Sexually transmitted infections or diseases (STI’s/STD’s) are infections which are commonly spread through sexual contact, including vaginal, anal, and oral sex.
Some can even be spread just through direct skin-to-skin contact!
No one really talks about it, but sexually transmitted infections are very common, especially among young people – or rather, anyone who is sexually active is at risk!
Common Sexually Transmitted Diseases (STDs)
Chlamydia, Gonorrhea, Herpes Simplex Virus (HSV) and Human Papilloma Virus (HPV) are some of the most common STI’s we encounter in the clinic.
Syphilis and HIV are less commonly seen, but of course, pose a risk of serious and even potentially life-threatening complications if left undiagnosed or untreated.
Here are just some of the signs and symptoms that may appear if you have a sexually transmitted infection:
Chlamydia and Gonorrhea
- Abnormal penile discharge or Abnormal vaginal discharge
- Pain passing urine
- Pelvic pain
- Swollen lymph nodes
- Testicular pain or swelling (epididymitis)
- Joint pain and swelling (reactive arthritis)
Did you know that up to 8% of sexually active females between the age of 16-40 will be carrying a chlamydia infection at any one time, and most will not have any symptoms at all!
Herpes Simplex Virus (HSV)
- Fever and flu-like symptoms before the outbreak
- Tingling, itching, or burning sensation where the blisters would appear
- Swollen lymph nodes
- Cold Sores
- Crops of painful blisters/ulcers – these can vary in appearance and severity, and can be transmitted to any site of the body depending on exposure (e.g. mouth, hands, buttocks, eyes!)
It is estimated that 1 in 5 people in the US have genital herpes!
There is no way to fully eradicate the herpes virus once it has been contracted – it usually causes recurrent outbreaks of blisters, and can be transmitted even without visible ulcers.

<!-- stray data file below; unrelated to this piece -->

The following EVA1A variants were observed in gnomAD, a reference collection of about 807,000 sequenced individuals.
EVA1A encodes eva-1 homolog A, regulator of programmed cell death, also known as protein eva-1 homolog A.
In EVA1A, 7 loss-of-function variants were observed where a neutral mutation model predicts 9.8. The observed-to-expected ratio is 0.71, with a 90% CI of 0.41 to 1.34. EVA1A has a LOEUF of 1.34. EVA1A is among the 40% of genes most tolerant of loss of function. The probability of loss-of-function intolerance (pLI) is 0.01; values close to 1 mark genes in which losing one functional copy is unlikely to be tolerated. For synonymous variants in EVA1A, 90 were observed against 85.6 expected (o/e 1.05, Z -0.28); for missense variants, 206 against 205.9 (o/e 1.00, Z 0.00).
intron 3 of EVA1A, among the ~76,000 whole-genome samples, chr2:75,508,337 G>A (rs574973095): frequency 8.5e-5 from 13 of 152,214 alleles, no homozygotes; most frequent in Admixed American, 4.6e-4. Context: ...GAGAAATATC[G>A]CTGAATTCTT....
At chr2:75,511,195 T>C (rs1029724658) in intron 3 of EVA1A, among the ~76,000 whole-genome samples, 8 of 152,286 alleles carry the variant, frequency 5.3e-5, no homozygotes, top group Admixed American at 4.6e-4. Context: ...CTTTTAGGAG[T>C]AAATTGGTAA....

Human Papilloma Virus (HPV)
- Certain types of HPV can cause genital warts – may appear as a small bump, or cluster of bumps, flat lesions, or ‘cauliflower-like’ protrusions with a small stem; sometimes these may be itchy or bleed if scratched
- Most types of HPV are actually asymptomatic (no signs or symptoms), but can instead increase the risk of oral and genital cancers – these can be detected on screening (especially recommended for women > 30 years old, to be done together with a pap smear)
The newest HPV vaccine is now available, and will protect against 9 strains of the virus!
The US FDA has also recently extended the recommended coverage to males and females from ages 9 to 45 years old.
Known as ‘The Great Pretender’ as symptoms can mimic other conditions, and can vary greatly between individuals and depending on the stage of infection
- Primary stage: usually presents with a solitary ulcer known as a chancre at site of initial infection, which is often painless and can be easily missed; may have associated swelling of lymph nodes as well
- Secondary stage: can happen weeks after primary chancre has appeared and even healed, and presents with skin rashes and/or lesions over mucous membranes – the STD rash can occur on any part of the body, but typically also appears with reddish-brown spots over the palms and soles of feet
- Tertiary stage: can occur many years (even decades) after infection was first acquired, and can affect multiple organ systems including the brain, nerves, heart, eyes, blood vessels, bones and joints
Learn More about Syphilis Symptoms (Painless Sore & Rashes)
Frequently Asked Questions (FAQs)
When should I see a doctor?